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Woodbury insurer sued by EEOC over firing

A federal agency said Monday it has sued Sterling & Sterling Inc., a Woodbury insurance brokerage, charging that it illegally fired an African-American sales rep after she complained of repeated racial and sexual discrimination.

The U.S. Equal Employment Opportunity Commission said Amityville resident Rochelle Legette, 43, who had worked at Sterling since March 2007, was fired in March 2010 after she filed with the EEOC, alleging that she was subjected to "racially discriminatory remarks" about President Barack Obama before and after his election and to comments about the ghetto and interracial couples during the time she worked at the company. The agency also has charged that Legette faced repeated sexually explicit stories and jokes, despite complaints to management.

Sterling, which brokers a wide array of business and personal insurance and employee benefits, denied the allegations.

"These allegations are entirely without merit, and we have both evidence and witnesses that will confirm they are false," the company said in a statement. "Allegations are easy to make, but we are very confident the truth will prevail." According to the company's website, its annual insurance premiums total more than $300 million.

The EEOC, which litigates less than half of 1 percent of the complaints it receives annually, is suing on the retaliation charge, said agency trial attorney Michael J. O'Brien, who is handling the case.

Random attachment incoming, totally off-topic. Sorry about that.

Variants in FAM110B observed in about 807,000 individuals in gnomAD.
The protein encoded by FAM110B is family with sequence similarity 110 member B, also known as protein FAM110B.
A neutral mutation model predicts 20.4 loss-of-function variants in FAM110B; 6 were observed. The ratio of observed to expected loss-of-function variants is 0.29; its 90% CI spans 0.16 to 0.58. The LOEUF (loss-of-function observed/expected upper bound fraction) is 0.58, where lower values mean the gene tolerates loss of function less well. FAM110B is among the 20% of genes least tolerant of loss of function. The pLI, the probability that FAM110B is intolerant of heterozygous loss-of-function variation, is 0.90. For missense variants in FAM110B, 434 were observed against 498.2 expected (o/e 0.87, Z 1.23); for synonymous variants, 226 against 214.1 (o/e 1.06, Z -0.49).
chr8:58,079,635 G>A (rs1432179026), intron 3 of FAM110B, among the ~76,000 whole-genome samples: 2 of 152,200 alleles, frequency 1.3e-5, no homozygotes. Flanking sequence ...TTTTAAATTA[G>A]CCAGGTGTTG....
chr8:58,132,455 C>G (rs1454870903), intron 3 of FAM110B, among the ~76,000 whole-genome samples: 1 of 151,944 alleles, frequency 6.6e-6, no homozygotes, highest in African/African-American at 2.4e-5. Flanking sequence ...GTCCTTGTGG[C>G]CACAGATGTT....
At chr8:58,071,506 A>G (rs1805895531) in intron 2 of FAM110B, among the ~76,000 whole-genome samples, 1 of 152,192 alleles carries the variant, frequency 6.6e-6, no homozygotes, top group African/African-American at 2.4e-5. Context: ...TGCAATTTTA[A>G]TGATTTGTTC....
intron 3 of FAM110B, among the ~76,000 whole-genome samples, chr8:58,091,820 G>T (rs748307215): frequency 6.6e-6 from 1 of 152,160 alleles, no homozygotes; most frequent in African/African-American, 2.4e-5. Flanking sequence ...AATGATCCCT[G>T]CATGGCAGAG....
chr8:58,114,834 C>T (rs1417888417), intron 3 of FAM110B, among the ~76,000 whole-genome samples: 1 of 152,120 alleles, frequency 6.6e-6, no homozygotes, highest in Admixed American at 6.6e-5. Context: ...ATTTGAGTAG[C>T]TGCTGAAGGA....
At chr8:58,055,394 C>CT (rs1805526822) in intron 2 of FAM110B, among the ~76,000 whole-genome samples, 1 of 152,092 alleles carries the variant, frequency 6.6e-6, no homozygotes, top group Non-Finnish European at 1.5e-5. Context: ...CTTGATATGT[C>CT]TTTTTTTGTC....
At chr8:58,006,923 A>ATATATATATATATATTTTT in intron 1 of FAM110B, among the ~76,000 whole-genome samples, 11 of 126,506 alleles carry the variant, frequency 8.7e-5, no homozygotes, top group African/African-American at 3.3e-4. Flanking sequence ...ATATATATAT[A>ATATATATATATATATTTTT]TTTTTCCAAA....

The EEOC received 99,922 discrimination complaints in the fiscal year ended 2010. In most cases, the EEOC investigates and gives plaintiffs a letter giving them the right to sue in federal court.

"Retaliation is illegal because it discourages employees from coming to the EEOC," O'Brien said.

The EEOC declined to make Legette available for comment.

The company cited the EEOC filing made by Legette when it suspended her on Feb. 19, 2010, the agency alleges in its complaint filed on Friday in U.S. District Court in Brooklyn.

Legette filed with the EEOC in September 2009, six months after taking an "extended" pregnancy leave, according to the complaint. When she returned to work on Feb. 1, 2010, the company began keeping detailed notes on her behavior at work, the complaint said. On Feb. 19, 2010, it suspended her, and on March 1 that year it fired her, the complaint said.

The agency is seeking compensatory and punitive damages for Legette and back pay. Damages are capped at $300,000 under Title VII anti-discrimination laws.

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